Christmas might be over, but the homelessness crisis continues
The ‘season of giving’ may have reached a conclusion, but the topic of homelessness remains a pressing matter that needs to be tackled. With government statistics revealing staggering truths, the question of whether ‘giving’ should be a year-round habit, rather than restricted to the holiday period, has become even more vital.
“Christmas and the holidays come and go so quickly that for a few days we feel like normal people and we’re given attention, and then it’s back to being lonely, cold and forgotten,” a street sleeper, who wishes to remain anonymous, tells me, whilst tightly wrapped in a thin, wet duvet just a few steps away from the bustling Brighton Station. “January and February are definitely the worst months for those of us who don’t have a warm home to go back to,” he goes on to add.
Finding yourself with no roof over your head at any time of year must feel demoralising, to say the least, but this already critical situation is aggravated by temperature drops, longer nights, the risk of hypothermia and, regrettably, passers-by who have forsworn the generous spirit of the ‘giving’ season.
After London, Brighton & Hove ranks second in the UK for its number of rough sleepers, a figure which illustrates the current crisis that the city is facing. Moreover, Brighton & Hove Council has seen a dramatic increase in homeless deaths over the last four years, with 11 rough sleepers losing their lives in 2018 alone, due to drug overdoses, starvation or other health reasons – although, this statistic is thought to be an underestimate.
Many Brighton shelters and charities launched compelling Christmas campaigns in the lead-up to the holidays, encouraging the public to donate not only funds, but blankets, socks, food and sanitary products. Shelters, food banks and charities such as the Brighton Housing Trust advertised vacancies for Christmas volunteers. But the post-Christmas reality is far less auspicious. While there is absolutely no doubt that the generosity of many Brightonians has helped rough sleepers feel welcomed and looked after at a time when nobody wants to feel isolated, the first months of the new year are among the most challenging times for the homeless, with winter temperatures threatening to endanger both the physical and mental health of those living on the streets.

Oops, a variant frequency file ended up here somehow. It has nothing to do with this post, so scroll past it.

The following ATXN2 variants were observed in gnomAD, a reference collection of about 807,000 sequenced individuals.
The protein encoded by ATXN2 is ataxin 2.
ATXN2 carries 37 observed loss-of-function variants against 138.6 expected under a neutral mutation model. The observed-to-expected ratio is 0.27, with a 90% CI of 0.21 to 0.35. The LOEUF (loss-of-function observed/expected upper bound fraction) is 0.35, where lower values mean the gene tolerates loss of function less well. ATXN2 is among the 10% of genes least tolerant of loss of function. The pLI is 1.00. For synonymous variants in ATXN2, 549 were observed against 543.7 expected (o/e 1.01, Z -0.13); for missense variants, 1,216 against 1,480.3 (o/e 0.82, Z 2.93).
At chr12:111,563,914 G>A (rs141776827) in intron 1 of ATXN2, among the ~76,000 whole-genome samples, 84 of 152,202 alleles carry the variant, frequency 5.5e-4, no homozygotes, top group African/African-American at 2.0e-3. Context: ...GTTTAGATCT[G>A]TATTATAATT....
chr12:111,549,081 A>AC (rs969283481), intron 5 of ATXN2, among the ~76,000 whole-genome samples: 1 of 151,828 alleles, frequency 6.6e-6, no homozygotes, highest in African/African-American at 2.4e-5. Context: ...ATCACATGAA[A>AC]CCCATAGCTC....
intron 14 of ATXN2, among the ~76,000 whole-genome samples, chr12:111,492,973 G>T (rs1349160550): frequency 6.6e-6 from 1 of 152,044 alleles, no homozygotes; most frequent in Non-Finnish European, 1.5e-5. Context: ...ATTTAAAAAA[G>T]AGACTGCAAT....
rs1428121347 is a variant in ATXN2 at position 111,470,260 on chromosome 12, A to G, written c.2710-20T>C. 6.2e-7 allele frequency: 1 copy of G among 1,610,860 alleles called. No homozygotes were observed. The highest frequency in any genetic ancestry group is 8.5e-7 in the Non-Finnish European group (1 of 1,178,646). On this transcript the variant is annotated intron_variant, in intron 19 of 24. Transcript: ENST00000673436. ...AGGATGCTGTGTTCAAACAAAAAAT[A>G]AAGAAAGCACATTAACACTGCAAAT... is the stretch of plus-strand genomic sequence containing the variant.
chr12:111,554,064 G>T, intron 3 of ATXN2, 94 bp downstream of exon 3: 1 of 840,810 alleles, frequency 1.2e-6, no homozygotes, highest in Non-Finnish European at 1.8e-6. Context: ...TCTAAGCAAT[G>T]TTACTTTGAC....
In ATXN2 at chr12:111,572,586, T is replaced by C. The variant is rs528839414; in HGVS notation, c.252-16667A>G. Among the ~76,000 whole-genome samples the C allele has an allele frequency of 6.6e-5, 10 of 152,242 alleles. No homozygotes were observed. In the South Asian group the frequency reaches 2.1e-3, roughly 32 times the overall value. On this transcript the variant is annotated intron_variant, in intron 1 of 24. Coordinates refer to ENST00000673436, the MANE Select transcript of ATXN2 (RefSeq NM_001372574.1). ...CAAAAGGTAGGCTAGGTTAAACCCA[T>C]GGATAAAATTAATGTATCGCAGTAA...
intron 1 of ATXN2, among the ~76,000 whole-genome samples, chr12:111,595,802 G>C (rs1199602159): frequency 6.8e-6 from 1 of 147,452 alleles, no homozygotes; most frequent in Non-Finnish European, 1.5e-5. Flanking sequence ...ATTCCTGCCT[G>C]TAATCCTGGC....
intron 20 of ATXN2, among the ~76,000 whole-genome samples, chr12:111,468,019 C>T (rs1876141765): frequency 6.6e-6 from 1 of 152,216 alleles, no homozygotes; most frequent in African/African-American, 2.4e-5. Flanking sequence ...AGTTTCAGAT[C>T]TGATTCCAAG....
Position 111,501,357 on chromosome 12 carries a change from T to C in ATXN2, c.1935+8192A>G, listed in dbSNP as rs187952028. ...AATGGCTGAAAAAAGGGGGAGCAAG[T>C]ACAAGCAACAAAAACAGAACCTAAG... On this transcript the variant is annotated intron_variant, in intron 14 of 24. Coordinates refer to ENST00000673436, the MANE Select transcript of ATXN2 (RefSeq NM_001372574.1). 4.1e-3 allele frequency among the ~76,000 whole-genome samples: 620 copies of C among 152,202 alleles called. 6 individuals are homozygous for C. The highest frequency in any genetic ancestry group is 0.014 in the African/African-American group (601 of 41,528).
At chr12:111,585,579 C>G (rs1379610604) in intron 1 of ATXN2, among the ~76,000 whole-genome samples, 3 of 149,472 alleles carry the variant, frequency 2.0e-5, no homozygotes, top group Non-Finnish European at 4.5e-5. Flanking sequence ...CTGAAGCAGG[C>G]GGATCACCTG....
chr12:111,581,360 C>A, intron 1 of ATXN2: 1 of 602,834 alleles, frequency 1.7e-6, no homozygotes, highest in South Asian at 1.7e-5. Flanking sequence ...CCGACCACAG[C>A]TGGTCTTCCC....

There are numerous actions that can be taken by well-wishers to ensure that rough sleepers are looked after even after the end of the midwinter festivities. Patrick Wallace, one of the trustees of St Anne’s Trust, a Brighton charity that runs a day centre to look after the city’s rough sleepers, stated: “All street homeless people want passers-by to acknowledge them, as one human being the same as you. A little dignity may be all they have, and you can help them retain it, at any time, not just Christmas”.
The charity’s trustee also confirmed that the change in people’s willingness to help the homeless during Christmas time compared to when the festivities are over is noticeable, as Christmas time motivates volunteers to help rough sleepers not feel left out during the holidays.
According to Mr. Wallace, “If you nod, smile, wave or speak, and get a response, that can be enough”. Other non-invasive ways in which anybody could help rough sleepers make it through the colder months include offering hot drinks and food, or gifting them a cover, duvet or warm clothes. Lack of company can also increase feelings of loneliness and people out on the streets are subject to the harshest conditions during wintertime, so simply stopping for a conversation is bound to make any homeless person feel more human.
With all this in mind, nobody should be feeling ‘forgotten’ during such a critical time of year is and, as I walk away from the street sleeper outside Brighton Station, I can’t help but imagine what being homeless must be like at any given time of year, not merely at Christmas time.